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Here's where you can discuss all things Latin. Use this board to ask questions about grammar, discuss learning strategies, get translation help and more!

verba grassatorum

alright, since I have had no luck in finding an online dictionary and do not have access to a paper one...

Here is my list of the specific words/terms that I am currently seeking. Can anyone help?

There are a couple for which I obviously do not want a literal translation (eg "loose cannon"), but an appropriate idomatic phrase. So be creative! (Apparently I am not ;)

white (as in caucasian... can i just use ...
Read more : verba grassatorum | Views : 3121 | Replies : 21


Motto translation

Salvete amici,

A company that specialises in software to use GPS signals for accurately locating objects on the Earth has as its motto:

UBI SUMUS RE VERA

Could this be translated as "Where we are - by the true method"? (i.e. using re vera as an ablative of means?) or perhaps "Where we truly are"? (is "re vera" ever used to mean truly?) or is there a more fitting translation/interpretation?

Suggestions welcomed.
Read more : Motto translation | Views : 656 | Replies : 2


neolatin and converational latin

Two questions! :)

1) I'm looking for an online lexicon of neolatin and have not been able to find anything useful. Any ideas?

2) Does anyone have "Conversational Latin for Oral Proficiency: Phrasebook and Dictionary" by John Traupman? I'm wondering whether it would have some of the vocab that I'm looking for. What all does it cover? Does it include slang, profanities, technological terms, etc?
Read more : neolatin and converational latin | Views : 905 | Replies : 4


lacrima et annus

hey,

I'm looking for possible synonyms for lacrima and annus.

Specifically, I want to find a way to make the ablative plural of "tears" rhyme with the ablative singular of "year". So right now I have anno and lacrimis, which of course do not rhyme.

Any ideas?

I wanted to check Perseus but it appears to be down right now...
Read more : lacrima et annus | Views : 839 | Replies : 5


Latin pronunciation samples?

As this is my first post here, an introduction: I learned some Latin in high school Way Back When, and am now beginning to study it again to start teaching it to my homeschooled sons next year. (We'll be going slowly at first, so I'm sure to stay waaay ahead of them! This first year will be as much for English grammar and word roots as for the Latin language per se, anyway.)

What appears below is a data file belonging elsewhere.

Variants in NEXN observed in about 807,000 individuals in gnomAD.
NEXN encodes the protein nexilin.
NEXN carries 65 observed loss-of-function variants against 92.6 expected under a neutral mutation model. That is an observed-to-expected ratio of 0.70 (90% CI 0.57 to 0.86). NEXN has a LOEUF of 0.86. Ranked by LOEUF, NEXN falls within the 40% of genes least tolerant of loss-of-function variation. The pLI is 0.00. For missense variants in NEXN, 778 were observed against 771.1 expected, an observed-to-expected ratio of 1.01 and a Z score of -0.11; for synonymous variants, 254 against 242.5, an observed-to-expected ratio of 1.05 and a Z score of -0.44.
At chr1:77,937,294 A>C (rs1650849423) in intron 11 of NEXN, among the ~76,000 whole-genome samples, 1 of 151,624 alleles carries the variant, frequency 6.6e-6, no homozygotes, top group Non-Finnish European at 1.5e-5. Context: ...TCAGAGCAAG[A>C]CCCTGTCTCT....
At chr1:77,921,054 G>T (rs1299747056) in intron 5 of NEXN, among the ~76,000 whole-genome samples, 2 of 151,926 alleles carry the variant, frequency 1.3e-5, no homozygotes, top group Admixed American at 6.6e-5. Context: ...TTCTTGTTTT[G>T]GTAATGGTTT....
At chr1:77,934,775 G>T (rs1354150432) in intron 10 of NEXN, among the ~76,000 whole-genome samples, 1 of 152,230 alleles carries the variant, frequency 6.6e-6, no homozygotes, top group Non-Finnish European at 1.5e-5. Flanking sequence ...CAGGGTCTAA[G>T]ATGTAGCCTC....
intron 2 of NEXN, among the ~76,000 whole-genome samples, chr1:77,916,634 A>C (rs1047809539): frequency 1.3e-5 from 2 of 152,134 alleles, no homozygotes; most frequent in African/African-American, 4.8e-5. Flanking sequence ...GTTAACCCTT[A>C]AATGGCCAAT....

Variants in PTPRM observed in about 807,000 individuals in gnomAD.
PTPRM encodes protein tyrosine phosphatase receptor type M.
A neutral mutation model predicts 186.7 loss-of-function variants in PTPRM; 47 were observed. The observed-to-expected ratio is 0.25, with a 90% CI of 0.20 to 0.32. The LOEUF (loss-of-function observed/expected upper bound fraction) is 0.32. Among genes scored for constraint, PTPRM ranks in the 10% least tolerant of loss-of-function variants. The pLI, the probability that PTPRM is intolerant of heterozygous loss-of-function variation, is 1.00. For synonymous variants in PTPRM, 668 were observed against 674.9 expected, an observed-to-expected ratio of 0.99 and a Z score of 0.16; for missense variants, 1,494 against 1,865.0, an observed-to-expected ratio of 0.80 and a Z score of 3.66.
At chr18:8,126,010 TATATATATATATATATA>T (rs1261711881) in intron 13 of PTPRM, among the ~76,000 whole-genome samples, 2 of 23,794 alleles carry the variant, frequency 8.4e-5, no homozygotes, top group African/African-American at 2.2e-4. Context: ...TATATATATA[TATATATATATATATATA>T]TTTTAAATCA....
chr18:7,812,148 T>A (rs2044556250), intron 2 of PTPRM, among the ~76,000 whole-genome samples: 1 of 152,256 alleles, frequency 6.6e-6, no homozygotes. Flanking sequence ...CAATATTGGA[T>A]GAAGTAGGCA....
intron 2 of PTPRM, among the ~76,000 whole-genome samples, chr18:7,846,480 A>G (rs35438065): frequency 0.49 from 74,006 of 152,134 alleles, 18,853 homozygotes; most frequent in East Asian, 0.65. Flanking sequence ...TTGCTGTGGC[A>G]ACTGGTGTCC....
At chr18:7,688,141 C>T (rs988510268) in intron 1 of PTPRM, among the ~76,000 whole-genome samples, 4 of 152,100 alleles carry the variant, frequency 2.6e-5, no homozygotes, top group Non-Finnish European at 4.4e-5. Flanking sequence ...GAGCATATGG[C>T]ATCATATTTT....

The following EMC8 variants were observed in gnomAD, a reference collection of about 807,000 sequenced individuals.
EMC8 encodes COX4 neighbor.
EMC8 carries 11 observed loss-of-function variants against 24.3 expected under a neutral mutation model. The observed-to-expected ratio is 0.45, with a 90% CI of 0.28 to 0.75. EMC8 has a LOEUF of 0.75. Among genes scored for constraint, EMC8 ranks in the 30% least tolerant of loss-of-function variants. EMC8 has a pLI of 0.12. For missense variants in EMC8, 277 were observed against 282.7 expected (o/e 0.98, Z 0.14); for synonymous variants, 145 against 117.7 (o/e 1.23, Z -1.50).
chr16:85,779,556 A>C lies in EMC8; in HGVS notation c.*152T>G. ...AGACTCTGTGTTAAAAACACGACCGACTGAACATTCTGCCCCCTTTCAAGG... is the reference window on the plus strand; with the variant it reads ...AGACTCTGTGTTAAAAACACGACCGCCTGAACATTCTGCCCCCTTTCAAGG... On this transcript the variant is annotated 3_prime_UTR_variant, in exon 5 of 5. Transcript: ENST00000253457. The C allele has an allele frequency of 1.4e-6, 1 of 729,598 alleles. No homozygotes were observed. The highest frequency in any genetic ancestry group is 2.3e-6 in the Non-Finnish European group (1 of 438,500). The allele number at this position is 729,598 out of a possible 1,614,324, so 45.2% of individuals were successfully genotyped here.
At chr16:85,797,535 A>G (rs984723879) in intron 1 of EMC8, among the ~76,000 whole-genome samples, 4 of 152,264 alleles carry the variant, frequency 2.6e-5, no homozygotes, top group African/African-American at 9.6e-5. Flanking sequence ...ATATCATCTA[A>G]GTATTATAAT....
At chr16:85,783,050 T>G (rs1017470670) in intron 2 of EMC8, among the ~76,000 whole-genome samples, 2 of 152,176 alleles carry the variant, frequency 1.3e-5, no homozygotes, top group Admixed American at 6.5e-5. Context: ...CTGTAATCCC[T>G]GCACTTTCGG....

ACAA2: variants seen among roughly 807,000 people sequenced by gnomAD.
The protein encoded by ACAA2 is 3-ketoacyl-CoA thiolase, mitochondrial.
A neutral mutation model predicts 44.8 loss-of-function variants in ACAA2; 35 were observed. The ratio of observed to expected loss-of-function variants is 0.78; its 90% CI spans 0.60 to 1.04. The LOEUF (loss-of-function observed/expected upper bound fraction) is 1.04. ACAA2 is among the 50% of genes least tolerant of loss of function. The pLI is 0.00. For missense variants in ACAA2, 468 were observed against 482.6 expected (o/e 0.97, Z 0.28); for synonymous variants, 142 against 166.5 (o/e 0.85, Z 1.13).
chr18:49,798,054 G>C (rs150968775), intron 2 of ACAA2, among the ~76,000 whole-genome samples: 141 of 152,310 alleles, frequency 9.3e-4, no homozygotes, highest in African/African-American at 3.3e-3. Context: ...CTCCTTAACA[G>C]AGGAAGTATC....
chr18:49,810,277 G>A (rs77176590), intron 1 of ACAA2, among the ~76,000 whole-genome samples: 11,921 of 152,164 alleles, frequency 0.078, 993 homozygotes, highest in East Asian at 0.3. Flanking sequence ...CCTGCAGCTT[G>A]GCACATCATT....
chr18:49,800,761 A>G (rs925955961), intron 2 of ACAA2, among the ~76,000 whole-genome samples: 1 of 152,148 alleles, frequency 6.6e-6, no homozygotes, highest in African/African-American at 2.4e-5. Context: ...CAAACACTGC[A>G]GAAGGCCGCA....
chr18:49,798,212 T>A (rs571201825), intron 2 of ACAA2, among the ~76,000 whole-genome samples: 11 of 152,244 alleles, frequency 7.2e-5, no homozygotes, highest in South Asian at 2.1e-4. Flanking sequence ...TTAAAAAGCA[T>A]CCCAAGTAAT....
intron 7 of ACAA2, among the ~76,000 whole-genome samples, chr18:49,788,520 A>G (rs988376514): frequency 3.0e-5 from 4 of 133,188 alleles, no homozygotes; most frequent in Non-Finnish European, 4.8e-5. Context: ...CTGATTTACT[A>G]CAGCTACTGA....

I would ...
Read more : Latin pronunciation samples? | Views : 1118 | Replies : 5


A hard choice

Hello, everyone,

I'm studying Latin for half a year now. Since I do it for my own entertainment, I don't hurry. However, now it seems like I face a hard choice. I use a Russian coursebook. Two, actually, switching between them from time to time. I like the books and I think they are the best ones available in Russian: Lingua Latina by Podosinov and Shchaveleva and Latinsky yazyk by Katzman and Pokrovskaya. However, both ...
Read more : A hard choice | Views : 955 | Replies : 5


Mercurius' wings

I was working through exercise 42 of NH and this one has really got my puzzled. I just can't figure out the grammar of it.

"Relying on his wings Mercurius had no need of a ship."

Key: "Mercurius alis freto nullum nave opus erat."

Nullum doesn't match nave and does 'opus erat' mean he had a need? I really don't get it. To me opus erat would mean that there was work/task.
Read more : Mercurius' wings | Views : 1166 | Replies : 5


BLB, Collar & Daniell, § 50

From "The Beginner's Latin Book" by Collar and Daniell - can someone be so kind as to check my responses. (With exercise text so no one has to look them up).

Critics welcome. Suggestions taken. Thanks in advance.

It's been a while, but I finally managed to find enough time to make it this far. If only I could find someone to pay me to learn ....

Page 16, §50.I (Genitive and Dative)
1. Donum ...
Read more : BLB, Collar & Daniell, § 50 | Views : 1689 | Replies : 12


Latin's Borrowings

SALVETE OMNES

I was wondering if some of Latin's vocabulary is derived from another language, apart from Greek. Perhaps from something like Hebrew or Ancient Egyptian?
Read more : Latin's Borrowings | Views : 1214 | Replies : 6


Problem with participles

Salvete omnes!

I found in N&H a sentence I would like to have more information about:
"They left the sick and pursued the foe". The translation uses an ablative absolute: "Aegrotis relictis...". Is it because relinquere is non-deponent? If it had been for instance "They pursued the sick and left the foe" (which makes not a lot of sense, I admit :D ), would the participle ...
Read more : Problem with participles | Views : 1068 | Replies : 3


 

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